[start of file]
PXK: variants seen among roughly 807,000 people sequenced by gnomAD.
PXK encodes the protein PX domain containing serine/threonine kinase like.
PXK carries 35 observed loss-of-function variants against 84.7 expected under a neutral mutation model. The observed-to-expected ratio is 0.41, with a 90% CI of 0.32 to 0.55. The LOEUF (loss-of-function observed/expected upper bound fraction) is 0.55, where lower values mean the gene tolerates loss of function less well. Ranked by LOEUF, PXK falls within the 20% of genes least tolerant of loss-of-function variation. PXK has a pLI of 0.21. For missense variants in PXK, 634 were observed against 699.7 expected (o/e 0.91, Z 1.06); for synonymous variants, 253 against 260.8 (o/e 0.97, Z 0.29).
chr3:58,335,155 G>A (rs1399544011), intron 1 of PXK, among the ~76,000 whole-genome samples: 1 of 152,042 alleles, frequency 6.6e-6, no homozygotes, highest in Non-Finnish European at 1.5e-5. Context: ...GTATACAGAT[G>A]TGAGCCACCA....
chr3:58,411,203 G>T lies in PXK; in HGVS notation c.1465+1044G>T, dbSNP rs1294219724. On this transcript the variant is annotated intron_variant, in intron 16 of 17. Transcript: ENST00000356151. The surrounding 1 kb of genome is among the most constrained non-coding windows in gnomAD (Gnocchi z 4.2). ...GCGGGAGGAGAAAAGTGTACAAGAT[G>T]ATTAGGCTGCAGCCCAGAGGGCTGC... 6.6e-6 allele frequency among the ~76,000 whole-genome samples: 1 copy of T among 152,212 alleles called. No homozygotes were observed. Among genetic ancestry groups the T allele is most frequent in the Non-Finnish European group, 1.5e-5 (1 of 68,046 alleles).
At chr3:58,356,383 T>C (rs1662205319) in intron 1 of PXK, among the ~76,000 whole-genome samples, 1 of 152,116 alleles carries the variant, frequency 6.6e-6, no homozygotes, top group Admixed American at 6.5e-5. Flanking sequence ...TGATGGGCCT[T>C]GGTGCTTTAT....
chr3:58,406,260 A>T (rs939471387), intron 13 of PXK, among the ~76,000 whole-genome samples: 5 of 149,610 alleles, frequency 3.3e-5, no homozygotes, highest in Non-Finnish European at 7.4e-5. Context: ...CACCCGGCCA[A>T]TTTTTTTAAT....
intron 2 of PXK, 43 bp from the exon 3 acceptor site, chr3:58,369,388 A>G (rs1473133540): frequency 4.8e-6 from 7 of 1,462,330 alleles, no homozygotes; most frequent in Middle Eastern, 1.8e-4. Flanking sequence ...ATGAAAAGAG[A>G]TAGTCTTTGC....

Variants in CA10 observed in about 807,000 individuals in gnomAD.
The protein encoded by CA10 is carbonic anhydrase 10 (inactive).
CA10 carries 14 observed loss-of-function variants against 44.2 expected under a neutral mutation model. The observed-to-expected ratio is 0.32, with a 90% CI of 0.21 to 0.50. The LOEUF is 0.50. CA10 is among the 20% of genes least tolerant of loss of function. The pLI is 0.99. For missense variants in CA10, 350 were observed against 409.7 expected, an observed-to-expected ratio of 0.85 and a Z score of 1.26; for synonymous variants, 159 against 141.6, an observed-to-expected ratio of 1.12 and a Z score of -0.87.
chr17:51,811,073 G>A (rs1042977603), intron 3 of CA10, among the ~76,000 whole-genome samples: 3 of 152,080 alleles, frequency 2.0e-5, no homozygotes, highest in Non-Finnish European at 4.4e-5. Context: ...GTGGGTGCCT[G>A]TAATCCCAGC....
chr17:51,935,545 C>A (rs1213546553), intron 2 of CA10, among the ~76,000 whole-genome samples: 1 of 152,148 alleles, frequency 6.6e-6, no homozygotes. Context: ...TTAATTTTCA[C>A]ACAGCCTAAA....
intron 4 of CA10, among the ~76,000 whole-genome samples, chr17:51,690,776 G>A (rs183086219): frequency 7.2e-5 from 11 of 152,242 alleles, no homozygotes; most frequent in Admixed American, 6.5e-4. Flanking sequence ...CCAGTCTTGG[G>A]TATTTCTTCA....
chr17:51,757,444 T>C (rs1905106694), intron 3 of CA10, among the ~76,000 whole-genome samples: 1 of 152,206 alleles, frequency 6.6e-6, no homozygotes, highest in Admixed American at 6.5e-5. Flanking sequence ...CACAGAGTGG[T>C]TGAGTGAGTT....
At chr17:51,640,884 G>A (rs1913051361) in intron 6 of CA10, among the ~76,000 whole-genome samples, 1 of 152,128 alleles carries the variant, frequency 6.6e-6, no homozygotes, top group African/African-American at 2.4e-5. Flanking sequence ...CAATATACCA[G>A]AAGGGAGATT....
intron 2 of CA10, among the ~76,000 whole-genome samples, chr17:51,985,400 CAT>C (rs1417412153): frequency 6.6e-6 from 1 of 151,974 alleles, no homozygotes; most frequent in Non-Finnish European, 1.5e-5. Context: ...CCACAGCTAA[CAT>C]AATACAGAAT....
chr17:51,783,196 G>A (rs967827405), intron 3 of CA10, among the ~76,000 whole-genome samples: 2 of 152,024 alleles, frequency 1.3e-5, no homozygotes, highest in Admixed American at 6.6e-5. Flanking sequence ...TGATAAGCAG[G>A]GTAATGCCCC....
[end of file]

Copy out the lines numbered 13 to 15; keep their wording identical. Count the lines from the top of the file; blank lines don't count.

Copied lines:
chr17:51,935,545 C>A (rs1213546553), intron 2 of CA10, among the ~76,000 whole-genome samples: 1 of 152,148 alleles, frequency 6.6e-6, no homozygotes. Context: ...TTAATTTTCA[C>A]ACAGCCTAAA....
intron 4 of CA10, among the ~76,000 whole-genome samples, chr17:51,690,776 G>A (rs183086219): frequency 7.2e-5 from 11 of 152,242 alleles, no homozygotes; most frequent in Admixed American, 6.5e-4. Flanking sequence ...CCAGTCTTGG[G>A]TATTTCTTCA....
chr17:51,757,444 T>C (rs1905106694), intron 3 of CA10, among the ~76,000 whole-genome samples: 1 of 152,206 alleles, frequency 6.6e-6, no homozygotes, highest in Admixed American at 6.5e-5. Flanking sequence ...CACAGAGTGG[T>C]TGAGTGAGTT....